iPodulator is a new web service that lets you convert a web page or RSS feed into the proper text format that can be transfered viewed on your iPod. The service works with 3G and 4G iPods and iPod minis.
“Enter a URL above (starting with http://) and hit ‘iPodinate.’ Some sites may not work, like Digg.com. It will take a moment to process. The URL can be a web page or an RSS feed. This will give you a plain text formatted version of the site you enter, perfect for reading on your iPod. Note: the page will look badly formatted on your computer. Don’t worry, it will look great on your iPod. To save it to your iPod: After hitting ‘iPodinate,’ use the ‘Save As’ command in your web browser to save this file to the ‘Notes’ folder of your iPod or save it to someplace on your computer for later copying to the ‘Notes’ folder. That’s it!”
The three winners of iLounge’s Blog the Book Contest have been announced, and they are:
1st Place: Mugglenet.com (Winner, 10 iPod shuffles or $1000). To further thank Mugglenet, we will also donate one Harry Potter Audiobook Card for the site to do with as it wishes. Congrats!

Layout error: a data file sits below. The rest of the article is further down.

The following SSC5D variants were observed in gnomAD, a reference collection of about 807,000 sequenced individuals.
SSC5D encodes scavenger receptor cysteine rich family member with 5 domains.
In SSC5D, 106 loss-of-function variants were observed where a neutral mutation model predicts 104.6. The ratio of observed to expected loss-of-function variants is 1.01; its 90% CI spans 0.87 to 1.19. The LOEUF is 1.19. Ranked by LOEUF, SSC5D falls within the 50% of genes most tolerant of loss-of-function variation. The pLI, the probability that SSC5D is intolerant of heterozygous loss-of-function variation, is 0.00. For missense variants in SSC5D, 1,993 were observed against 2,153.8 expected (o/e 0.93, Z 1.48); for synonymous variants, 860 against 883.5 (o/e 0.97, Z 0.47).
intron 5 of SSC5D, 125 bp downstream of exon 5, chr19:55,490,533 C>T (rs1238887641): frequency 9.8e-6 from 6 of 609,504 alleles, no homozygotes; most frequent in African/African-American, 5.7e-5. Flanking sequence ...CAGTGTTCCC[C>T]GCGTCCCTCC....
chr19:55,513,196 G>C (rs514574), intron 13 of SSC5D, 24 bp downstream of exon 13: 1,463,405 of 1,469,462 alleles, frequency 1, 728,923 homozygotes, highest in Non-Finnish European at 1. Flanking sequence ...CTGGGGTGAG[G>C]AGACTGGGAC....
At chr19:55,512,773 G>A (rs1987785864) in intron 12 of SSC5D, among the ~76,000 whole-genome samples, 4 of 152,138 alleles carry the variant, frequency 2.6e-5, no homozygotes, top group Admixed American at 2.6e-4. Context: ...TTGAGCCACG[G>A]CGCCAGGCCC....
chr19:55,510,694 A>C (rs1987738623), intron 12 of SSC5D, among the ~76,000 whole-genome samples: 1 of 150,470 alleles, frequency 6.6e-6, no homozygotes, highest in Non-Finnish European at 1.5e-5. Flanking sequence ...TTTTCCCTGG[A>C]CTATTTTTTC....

Congratulations to all of the winners and thanks to everyone who entered for your support and participation!
Motorola public relations has put out a statement in regards to a widely-cited report by the IDG News Service that portrayed Motorola CEO Ed Zander as having animosity for Apple’s iPod nano. The company claims that the “Screw the nano” remark was taken out of context and that Zander was simply joking in response to a question that asked why the Motorola ROKR phone only held a maximum of 100 songs.
“Motorola has a great partnership with Apple. Unfortunately Ed Zander’s comments, made at a conference in California on Friday, were taken out of context,” Motorola said in the statement. “During the Q&A session one questioner repeatedly and insistently asked what Zander thought of the Nano. Jokingly, Zander said he wasn’t there to talk about the Nano—but to talk about the next big thing happening in the industry—the fusion of the phone and music. ROKR with iTunes was a good beginning, he said, and there’s more to come.”